By contrast, a user clicking on the Comp list from FIG. 14D (1406) may also look at less suitable Comps, such as the Comp (1412), with a 59% rating, which is rated as mediocre by the KSD suitability rating system. This is shown in FIG. 18. In this example, which is again somewhat contrived, the Comp is KSD rated as adequate (e.g. “3”) in all KSD categories (1802), but is given a somewhat higher than a pure 50% suitable rating (1804) when the price KSD is on (1806), probably due to a somewhat lower cost.
As previously discussed, although smaller companies may only have one or a few Sites to manage, larger companies can often have very complex portfolios of real estate leases and some owned Sites. Managing, let alone optimizing such complex portfolios can be demanding. In another embodiment of the invention, again as previously discussed, the invention provides a Portfolio Dashboard in which multiple Sites are displayed and evaluated at a glance. This is shown in FIG. 19.
In large corporations, often time, or the lack of it, is the enemy of efficiency (ironically). The sheer weight of complex details for dozens of Sites, and then again to ponder the alternative Comps, can simply overwhelm the human's ability to see the opportunities to bring savings. That's where this invention truly shines. It rolls all the intense comparisons (Over-market Percentage and Utilization Percentage) into this one page, Portfolio Dashboard. Then, utilizing colors to triage for the human what needs attention most, the human can see the proverbial “forest through the trees”. Once an executive has this information they are empowered to take action.
The Portfolio Dashboard shows which leases are coming due, what their remaining total costs are, how many Comps are being compared against them, and summarizes this by an “Over-market” gauge. The dashboard can also show the percentage of Utilization FIGS. 19 (1910) (also discussed in FIGS. 28A and 28B) as compared to the available Capacity of the space leased and/or owned.
The Portfolio Dashboard lists all the client's leased and owned properties, and gives the company manager an ability to “drill down” to select and further examine any one of the properties from the Portfolio Dashboard screen. Further, the system can list active projects, as well as an upcoming section that lists leases about to expire.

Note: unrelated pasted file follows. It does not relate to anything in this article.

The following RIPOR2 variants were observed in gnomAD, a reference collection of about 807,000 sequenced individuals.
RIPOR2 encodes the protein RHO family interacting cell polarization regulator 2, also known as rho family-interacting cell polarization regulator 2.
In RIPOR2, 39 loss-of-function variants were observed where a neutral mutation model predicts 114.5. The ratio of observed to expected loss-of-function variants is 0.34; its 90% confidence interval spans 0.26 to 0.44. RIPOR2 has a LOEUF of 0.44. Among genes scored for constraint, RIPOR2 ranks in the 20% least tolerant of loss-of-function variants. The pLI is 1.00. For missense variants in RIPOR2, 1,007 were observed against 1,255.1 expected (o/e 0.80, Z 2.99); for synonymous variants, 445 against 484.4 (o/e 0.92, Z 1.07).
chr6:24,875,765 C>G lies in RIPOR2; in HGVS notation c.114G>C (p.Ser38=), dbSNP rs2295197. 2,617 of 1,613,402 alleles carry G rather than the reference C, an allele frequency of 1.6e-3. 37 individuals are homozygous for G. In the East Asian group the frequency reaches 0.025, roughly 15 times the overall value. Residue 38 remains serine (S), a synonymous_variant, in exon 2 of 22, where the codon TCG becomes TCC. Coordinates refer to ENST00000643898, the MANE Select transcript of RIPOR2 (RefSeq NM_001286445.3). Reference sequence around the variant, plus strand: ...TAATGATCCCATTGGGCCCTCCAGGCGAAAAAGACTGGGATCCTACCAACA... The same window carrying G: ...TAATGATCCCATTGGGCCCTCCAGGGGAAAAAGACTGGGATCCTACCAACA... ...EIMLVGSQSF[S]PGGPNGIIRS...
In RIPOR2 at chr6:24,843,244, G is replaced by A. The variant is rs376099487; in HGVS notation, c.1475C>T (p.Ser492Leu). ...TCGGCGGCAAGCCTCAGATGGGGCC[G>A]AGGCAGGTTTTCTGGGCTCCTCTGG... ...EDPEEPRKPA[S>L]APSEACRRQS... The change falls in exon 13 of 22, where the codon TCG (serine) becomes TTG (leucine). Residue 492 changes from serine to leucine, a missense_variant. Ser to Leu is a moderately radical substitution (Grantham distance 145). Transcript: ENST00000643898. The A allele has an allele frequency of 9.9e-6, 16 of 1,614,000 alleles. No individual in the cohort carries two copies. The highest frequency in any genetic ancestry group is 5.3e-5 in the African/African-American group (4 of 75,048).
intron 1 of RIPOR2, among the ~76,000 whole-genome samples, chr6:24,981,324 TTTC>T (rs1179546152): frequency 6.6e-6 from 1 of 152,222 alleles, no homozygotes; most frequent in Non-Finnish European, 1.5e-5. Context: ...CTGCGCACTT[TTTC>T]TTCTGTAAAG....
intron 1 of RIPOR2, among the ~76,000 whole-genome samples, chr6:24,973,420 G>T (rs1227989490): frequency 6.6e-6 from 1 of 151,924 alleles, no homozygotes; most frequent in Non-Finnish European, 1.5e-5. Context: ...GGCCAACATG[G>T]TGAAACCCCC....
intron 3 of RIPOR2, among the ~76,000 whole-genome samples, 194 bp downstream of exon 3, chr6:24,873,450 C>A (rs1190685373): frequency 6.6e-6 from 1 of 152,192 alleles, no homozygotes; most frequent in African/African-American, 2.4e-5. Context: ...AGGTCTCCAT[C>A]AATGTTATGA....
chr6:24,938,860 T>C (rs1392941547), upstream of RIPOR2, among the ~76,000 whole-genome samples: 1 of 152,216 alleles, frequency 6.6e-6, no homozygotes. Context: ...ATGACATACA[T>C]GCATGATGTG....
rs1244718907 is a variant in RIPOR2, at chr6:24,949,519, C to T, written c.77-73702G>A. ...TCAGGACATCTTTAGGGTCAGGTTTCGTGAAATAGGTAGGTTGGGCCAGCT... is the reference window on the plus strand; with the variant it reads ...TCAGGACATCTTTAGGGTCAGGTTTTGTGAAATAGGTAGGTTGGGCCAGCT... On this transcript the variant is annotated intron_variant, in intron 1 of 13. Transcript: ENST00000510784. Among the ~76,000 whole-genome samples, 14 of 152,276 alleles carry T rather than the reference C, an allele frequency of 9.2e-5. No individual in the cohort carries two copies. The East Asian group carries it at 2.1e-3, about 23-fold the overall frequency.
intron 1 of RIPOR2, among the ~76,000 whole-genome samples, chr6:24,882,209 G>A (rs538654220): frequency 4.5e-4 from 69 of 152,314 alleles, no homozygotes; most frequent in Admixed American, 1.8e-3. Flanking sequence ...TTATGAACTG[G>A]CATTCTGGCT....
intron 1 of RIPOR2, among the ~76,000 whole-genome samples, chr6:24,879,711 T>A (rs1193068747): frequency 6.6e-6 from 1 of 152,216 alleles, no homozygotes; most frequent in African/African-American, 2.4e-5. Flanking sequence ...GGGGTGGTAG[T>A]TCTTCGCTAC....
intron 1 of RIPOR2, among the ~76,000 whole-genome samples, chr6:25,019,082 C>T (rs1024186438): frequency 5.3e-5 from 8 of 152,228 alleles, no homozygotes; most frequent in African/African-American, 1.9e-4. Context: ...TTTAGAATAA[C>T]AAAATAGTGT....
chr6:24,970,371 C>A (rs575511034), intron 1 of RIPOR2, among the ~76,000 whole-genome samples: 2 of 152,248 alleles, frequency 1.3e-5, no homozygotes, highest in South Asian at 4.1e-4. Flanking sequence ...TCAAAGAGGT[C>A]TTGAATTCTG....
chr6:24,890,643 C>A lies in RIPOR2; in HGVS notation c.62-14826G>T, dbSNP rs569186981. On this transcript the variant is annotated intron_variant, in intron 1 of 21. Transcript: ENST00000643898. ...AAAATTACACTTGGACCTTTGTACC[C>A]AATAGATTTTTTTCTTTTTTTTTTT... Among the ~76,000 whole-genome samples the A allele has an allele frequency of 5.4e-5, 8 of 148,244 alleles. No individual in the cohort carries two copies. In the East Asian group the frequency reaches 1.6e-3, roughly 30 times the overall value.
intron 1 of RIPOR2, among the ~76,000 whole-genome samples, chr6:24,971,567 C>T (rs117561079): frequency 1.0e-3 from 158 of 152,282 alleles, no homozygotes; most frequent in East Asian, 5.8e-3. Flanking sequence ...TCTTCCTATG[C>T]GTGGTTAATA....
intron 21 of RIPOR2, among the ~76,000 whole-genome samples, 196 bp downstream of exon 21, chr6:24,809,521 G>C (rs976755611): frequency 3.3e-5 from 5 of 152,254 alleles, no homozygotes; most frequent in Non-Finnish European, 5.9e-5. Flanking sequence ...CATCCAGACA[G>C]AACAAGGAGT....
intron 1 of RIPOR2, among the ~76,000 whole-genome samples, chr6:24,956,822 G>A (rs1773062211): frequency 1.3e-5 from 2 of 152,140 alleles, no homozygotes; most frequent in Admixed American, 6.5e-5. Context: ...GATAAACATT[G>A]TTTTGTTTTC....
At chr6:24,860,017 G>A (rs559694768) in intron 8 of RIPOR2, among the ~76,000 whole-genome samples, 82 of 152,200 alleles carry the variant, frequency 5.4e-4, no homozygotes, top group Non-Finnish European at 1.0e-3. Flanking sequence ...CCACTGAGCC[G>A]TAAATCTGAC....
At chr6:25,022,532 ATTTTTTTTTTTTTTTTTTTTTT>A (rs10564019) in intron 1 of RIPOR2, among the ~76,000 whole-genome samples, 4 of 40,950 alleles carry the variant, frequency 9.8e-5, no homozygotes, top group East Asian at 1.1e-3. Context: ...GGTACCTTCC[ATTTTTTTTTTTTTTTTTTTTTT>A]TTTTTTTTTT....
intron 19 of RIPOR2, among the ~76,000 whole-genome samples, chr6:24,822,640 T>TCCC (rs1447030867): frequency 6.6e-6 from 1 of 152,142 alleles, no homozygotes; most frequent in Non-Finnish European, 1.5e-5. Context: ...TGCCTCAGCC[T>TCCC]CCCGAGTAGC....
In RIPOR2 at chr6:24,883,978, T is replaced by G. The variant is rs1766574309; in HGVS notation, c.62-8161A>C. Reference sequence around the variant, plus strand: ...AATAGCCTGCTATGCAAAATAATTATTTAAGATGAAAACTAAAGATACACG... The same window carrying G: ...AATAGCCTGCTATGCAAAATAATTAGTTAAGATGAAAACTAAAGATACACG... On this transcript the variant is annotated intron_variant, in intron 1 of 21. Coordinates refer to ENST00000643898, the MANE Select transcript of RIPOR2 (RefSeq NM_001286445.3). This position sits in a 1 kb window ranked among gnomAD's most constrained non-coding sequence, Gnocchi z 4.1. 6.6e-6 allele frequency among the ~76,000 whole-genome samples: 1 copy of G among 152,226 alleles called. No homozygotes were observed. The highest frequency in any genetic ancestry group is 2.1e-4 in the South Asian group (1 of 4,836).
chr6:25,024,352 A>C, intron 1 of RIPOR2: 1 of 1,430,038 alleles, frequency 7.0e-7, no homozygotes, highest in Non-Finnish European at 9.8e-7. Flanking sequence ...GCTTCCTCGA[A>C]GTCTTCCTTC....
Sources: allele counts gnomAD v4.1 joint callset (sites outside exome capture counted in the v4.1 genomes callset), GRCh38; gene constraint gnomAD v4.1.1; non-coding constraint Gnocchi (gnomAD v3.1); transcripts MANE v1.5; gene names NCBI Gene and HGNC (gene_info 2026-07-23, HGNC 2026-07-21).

As previously discussed, the graphical user interface can make good use of color coding, examples of which are shown in the color versions of many of these screenshots, as shown in provisional application 61/473,139. Color codes may be used to alert the user to when certain properties are in particularly good or bad Utilization levels, as well as other parameters of user interest. In some embodiments, the system may allow the user to customize these displays according to user desired parameters, as is shown in the parameter display setting user interface shown in FIG. 20. Here the user may use a slider bar (2010) or other mechanism to set the color display to desired limits.
In other embodiments, the system can also display the location of the various Comps on a map, with an adjustable radius showing the distance from a user determined location, which will often be the location of the user's current lease. This option is shown in FIG. 21. As can be seen, the system has been programmed to highlight a radius of five miles from the current Site location (2102), and the darkened radius (2104) on the resulting map, along with the location of the Comps (2106) can be seen. Thus at a glance, the user can see the location of various Comps, and the projected price savings, all at the same time. Furthermore, the system, with a click of the mouse or tap of the finger, will display the Comp's address and other pertinent information in a balloon that appears on the map and then can be selectively closed by the user.